Take it from me, managing employees is a full time job. I used to do it. So I am well aware of the extra effort that is needed to keep the herd in motion.
The alternative is to freelance. To plug into projects rather than accept a “position” in a corporate structure. Freelancing is scary. There is no salary safety net. Nor is there the support network around you. You are on your own. It is also liberating.
Why? The market for freelance consultants is growing for several reasons. First, to solve a given problem, it is cheaper to plug in a consultant for a limited time period than to hire a full time manager. It is less risky as well. But as Forbes brings out, freelancers who focus on a narrow skill package also can get a lot better at what they do. And they have the chance to develop better networks. For example HBR identities”innovation organizers” as a field of expertise.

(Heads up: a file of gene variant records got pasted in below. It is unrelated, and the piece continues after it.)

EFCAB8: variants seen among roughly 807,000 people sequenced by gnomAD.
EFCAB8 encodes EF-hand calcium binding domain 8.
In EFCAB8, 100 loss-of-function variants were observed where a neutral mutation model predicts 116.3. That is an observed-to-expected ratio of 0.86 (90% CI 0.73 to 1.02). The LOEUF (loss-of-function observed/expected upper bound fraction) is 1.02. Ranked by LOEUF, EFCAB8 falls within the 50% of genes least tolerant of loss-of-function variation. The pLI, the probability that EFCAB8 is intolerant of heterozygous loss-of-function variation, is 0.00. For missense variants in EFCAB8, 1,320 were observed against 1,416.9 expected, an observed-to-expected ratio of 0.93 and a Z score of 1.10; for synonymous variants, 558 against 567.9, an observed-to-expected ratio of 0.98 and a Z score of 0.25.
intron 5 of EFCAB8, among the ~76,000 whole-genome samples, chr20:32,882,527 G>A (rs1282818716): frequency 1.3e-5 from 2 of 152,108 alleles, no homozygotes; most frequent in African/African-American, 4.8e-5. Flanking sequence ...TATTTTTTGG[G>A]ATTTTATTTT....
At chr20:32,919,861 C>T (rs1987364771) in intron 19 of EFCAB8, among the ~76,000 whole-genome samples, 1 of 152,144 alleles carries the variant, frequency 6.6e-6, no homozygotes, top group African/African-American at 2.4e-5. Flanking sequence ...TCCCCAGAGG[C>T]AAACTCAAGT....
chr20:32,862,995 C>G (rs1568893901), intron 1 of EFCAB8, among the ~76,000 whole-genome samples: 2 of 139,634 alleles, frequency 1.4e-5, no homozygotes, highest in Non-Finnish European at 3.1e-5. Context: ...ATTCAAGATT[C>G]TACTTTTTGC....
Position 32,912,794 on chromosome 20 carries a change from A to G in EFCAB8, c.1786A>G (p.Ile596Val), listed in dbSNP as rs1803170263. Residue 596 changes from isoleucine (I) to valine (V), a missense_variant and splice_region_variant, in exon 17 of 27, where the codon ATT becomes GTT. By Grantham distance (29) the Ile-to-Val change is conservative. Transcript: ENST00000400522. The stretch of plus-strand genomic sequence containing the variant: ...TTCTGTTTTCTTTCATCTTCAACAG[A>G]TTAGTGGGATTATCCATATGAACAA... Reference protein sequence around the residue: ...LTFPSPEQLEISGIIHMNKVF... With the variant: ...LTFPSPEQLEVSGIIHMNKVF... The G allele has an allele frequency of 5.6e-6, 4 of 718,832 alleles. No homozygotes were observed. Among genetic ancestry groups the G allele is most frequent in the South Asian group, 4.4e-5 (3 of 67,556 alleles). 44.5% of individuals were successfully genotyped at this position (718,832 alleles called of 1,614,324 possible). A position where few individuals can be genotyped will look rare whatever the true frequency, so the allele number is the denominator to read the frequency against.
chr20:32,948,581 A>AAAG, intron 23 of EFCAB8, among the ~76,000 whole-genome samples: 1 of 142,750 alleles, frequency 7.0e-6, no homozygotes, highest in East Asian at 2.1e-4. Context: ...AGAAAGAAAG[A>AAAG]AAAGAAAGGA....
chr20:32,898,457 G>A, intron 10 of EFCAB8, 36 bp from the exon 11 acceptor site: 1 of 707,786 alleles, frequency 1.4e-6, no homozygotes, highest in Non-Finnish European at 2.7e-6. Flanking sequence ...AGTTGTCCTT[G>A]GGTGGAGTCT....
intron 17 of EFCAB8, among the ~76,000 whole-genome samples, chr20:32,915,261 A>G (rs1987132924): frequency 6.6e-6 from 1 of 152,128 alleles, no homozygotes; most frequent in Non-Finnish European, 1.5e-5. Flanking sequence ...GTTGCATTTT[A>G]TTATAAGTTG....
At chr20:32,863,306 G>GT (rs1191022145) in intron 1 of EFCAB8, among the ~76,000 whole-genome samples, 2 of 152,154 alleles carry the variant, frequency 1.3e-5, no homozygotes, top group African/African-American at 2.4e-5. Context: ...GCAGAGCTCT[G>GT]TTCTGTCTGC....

That all sounds nice, but where are the platforms that empower freelancing as a career path? That kind of platform would help freelancers get more deeply into their field (learning), find partners and clients (networking) and raise performance standards over time in their area of expertise.
I have not seen this yet, but I am keeping an eye out for it. Part of that experience will be better ways to share “modules” of shared learning. Freelancers will need to be able to plug into this kind of learning experience so that they can communicate in networks. They will also need to be able to offer these as MOOC’s or in other digital frameworks. As Steve Blank writes, we are not good at this yet.